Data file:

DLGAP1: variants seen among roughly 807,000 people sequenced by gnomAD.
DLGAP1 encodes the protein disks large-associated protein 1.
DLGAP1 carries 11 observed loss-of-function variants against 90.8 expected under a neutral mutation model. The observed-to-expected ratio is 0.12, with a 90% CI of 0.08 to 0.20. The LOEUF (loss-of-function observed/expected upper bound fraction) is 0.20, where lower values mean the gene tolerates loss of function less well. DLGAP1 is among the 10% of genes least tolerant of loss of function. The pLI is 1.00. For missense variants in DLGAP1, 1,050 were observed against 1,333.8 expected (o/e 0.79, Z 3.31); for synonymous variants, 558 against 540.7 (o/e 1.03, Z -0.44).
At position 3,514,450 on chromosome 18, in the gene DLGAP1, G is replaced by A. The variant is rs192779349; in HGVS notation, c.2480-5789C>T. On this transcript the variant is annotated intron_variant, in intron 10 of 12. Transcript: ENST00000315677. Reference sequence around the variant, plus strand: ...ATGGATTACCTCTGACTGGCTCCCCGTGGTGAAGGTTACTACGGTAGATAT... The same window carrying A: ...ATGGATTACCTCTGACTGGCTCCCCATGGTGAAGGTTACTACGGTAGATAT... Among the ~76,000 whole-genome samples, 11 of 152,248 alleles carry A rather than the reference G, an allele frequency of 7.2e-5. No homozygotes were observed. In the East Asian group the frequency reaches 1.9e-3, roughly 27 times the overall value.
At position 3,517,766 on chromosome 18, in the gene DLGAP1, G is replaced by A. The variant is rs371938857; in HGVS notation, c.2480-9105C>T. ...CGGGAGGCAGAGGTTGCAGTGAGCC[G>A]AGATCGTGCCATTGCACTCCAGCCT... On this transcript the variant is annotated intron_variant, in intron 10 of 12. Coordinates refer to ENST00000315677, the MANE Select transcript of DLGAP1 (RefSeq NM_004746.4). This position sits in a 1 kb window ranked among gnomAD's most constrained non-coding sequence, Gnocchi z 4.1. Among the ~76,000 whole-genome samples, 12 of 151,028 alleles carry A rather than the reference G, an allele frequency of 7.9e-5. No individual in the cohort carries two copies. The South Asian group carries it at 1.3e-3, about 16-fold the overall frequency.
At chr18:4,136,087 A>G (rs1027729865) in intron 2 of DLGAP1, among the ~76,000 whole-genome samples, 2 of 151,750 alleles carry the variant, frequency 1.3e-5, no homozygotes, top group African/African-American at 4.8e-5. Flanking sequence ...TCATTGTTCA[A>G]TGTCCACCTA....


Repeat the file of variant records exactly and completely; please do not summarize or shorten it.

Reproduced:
DLGAP1: variants seen among roughly 807,000 people sequenced by gnomAD.
DLGAP1 encodes the protein disks large-associated protein 1.
DLGAP1 carries 11 observed loss-of-function variants against 90.8 expected under a neutral mutation model. The observed-to-expected ratio is 0.12, with a 90% CI of 0.08 to 0.20. The LOEUF (loss-of-function observed/expected upper bound fraction) is 0.20, where lower values mean the gene tolerates loss of function less well. DLGAP1 is among the 10% of genes least tolerant of loss of function. The pLI is 1.00. For missense variants in DLGAP1, 1,050 were observed against 1,333.8 expected (o/e 0.79, Z 3.31); for synonymous variants, 558 against 540.7 (o/e 1.03, Z -0.44).
At position 3,514,450 on chromosome 18, in the gene DLGAP1, G is replaced by A. The variant is rs192779349; in HGVS notation, c.2480-5789C>T. On this transcript the variant is annotated intron_variant, in intron 10 of 12. Transcript: ENST00000315677. Reference sequence around the variant, plus strand: ...ATGGATTACCTCTGACTGGCTCCCCGTGGTGAAGGTTACTACGGTAGATAT... The same window carrying A: ...ATGGATTACCTCTGACTGGCTCCCCATGGTGAAGGTTACTACGGTAGATAT... Among the ~76,000 whole-genome samples, 11 of 152,248 alleles carry A rather than the reference G, an allele frequency of 7.2e-5. No homozygotes were observed. In the East Asian group the frequency reaches 1.9e-3, roughly 27 times the overall value.
At position 3,517,766 on chromosome 18, in the gene DLGAP1, G is replaced by A. The variant is rs371938857; in HGVS notation, c.2480-9105C>T. ...CGGGAGGCAGAGGTTGCAGTGAGCC[G>A]AGATCGTGCCATTGCACTCCAGCCT... On this transcript the variant is annotated intron_variant, in intron 10 of 12. Coordinates refer to ENST00000315677, the MANE Select transcript of DLGAP1 (RefSeq NM_004746.4). This position sits in a 1 kb window ranked among gnomAD's most constrained non-coding sequence, Gnocchi z 4.1. Among the ~76,000 whole-genome samples, 12 of 151,028 alleles carry A rather than the reference G, an allele frequency of 7.9e-5. No individual in the cohort carries two copies. The South Asian group carries it at 1.3e-3, about 16-fold the overall frequency.
At chr18:4,136,087 A>G (rs1027729865) in intron 2 of DLGAP1, among the ~76,000 whole-genome samples, 2 of 151,750 alleles carry the variant, frequency 1.3e-5, no homozygotes, top group African/African-American at 4.8e-5. Flanking sequence ...TCATTGTTCA[A>G]TGTCCACCTA....